ISTANBUL // Peace talks between Turkey and Abdullah Ocalan, the jailed Kurdish rebel leader, are gaining momentum with Ocalan expected to call a ceasefire on March 21, the day of the Kurdish spring festival of Newroz, analysts and politicians said today.
A ceasefire on Newroz would be symbolic for both Kurds and Turks, because the festival in the past has been marred by violent clashes between Kurdish activists and Turkish security forces.
Mehmet Yegin, an expert on Ocalan's Kurdistan Workers' Party (PKK) at the International Strategic Research Organisation, a think tank in Ankara, confirmed that he was expecting the call.
"I see a determination on both sides," he said.
Selahattin Demirtas, the leader of the Party for Peace and Democracy (BDP), Turkey's biggest Kurdish party, said his group had received a letter from Ocalan, spelling out the rebel leader's plans for peace, days after a BDP delegation visited Ocalan in prison on Saturday.
Mr Demirtas did not give details of the letter. But he told the Kurdish Ozgur Gundem newspaper that Ocalan, 64, wanted to complete work on a comprehensive peace plan within two to three weeks. That plan is said to include a ceasefire and a retreat of PKK fighters from Turkey by early summer, in effect ending an almost 30-year insurgence.
Ocalan wants to use the negotiations to get concessions from the Turkish state, including legal guarantees protecting the Kurds' rights and strengthening local self-rule, in exchange for an end to the fighting.
The NTV news channel, quoting from Ocalan's letter today, reported that the plan included three stages, starting with a ceasefire and withdrawal of PKK fighters from Turkey to rebel bases in northern Iraq. Legal and political reforms aimed at improving the rights of Turkey's estimated 12 million Kurds should follow, the report said. In a final stage, the PKK fighting force would be dissolved, with most rebels returning to their families in Turkey.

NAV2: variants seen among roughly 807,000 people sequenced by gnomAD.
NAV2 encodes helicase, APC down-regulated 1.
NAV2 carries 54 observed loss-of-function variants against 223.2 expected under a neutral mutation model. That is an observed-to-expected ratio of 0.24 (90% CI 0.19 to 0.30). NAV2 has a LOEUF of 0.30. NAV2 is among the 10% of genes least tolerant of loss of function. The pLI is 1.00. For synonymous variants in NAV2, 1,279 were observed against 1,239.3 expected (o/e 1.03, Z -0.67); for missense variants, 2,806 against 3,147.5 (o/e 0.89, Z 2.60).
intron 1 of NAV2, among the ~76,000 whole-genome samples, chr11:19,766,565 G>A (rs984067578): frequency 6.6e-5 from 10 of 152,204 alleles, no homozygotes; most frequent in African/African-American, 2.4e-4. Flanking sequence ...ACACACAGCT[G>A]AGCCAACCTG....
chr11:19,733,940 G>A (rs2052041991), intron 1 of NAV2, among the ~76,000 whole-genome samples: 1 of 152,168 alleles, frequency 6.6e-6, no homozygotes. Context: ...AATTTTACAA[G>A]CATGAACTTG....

"We are hoping for positive developments by Newroz," Mr Demirtassaid. The PKK might release Turkish prisoners even before that. In the meeting with the BDP delegation, Ocalan said he hoped prisoners held by the PKK would be released soon.
"We are living through a historical period," Ocalan was quoted as saying by the Kurdish delegation.
Besir Atalay, a deputy prime minister, said today the government was working on a national legal reform package that would widen the limits of free speech, opening the way for the release of several hundred Kurdish activists currently in pretrial detention on charges of support for the PKK.
The prime minister, Recep Tayyip Erdogan, who ordered Turkish intelligence officials to start negotiations with Ocalan last December, yesterday underlined his determination to find a peaceful end to a conflict that has killed more than 40,000 people since the PKK took up arms to fight for Kurdish self-rule in 1984.
"We will explore every alley to find a solution," Mr Erdogan said in Ankara. But he acknowledged that many challenges lay ahead.
"War is easy, but peace is difficult," he said. "We are even ready to drink the cup of hemlock."
Mr Erdogan's decision to start peace talks with Ocalan has been harshly criticised by Turkish nationalists, who accuse the prime minister of selling out to Kurdish separatists in the hope of winning the presidency in 2015.
A breakthrough to end the Kurdish conflict could be a trump card for Mr Erdogan in upcoming elections, polls suggest.
Answering the nationalists' criticism, Mr Erdogan said ethnic groups such as the Kurds should live freely in a single state.
"A Kurd is my brother as much as a Turk is my brother," he said.
The Turkish intelligence service started talks with Ocalan on the island of Imrali, where he has been held since Turkish agents captured him in Kenya in 1999. Despite being locked away for 14 years, Ocalan's authority to speak on behalf of the Kurds has endured. Last November, hundreds of Kurdish political prisoners ended a hunger strike after he ordered them to do so.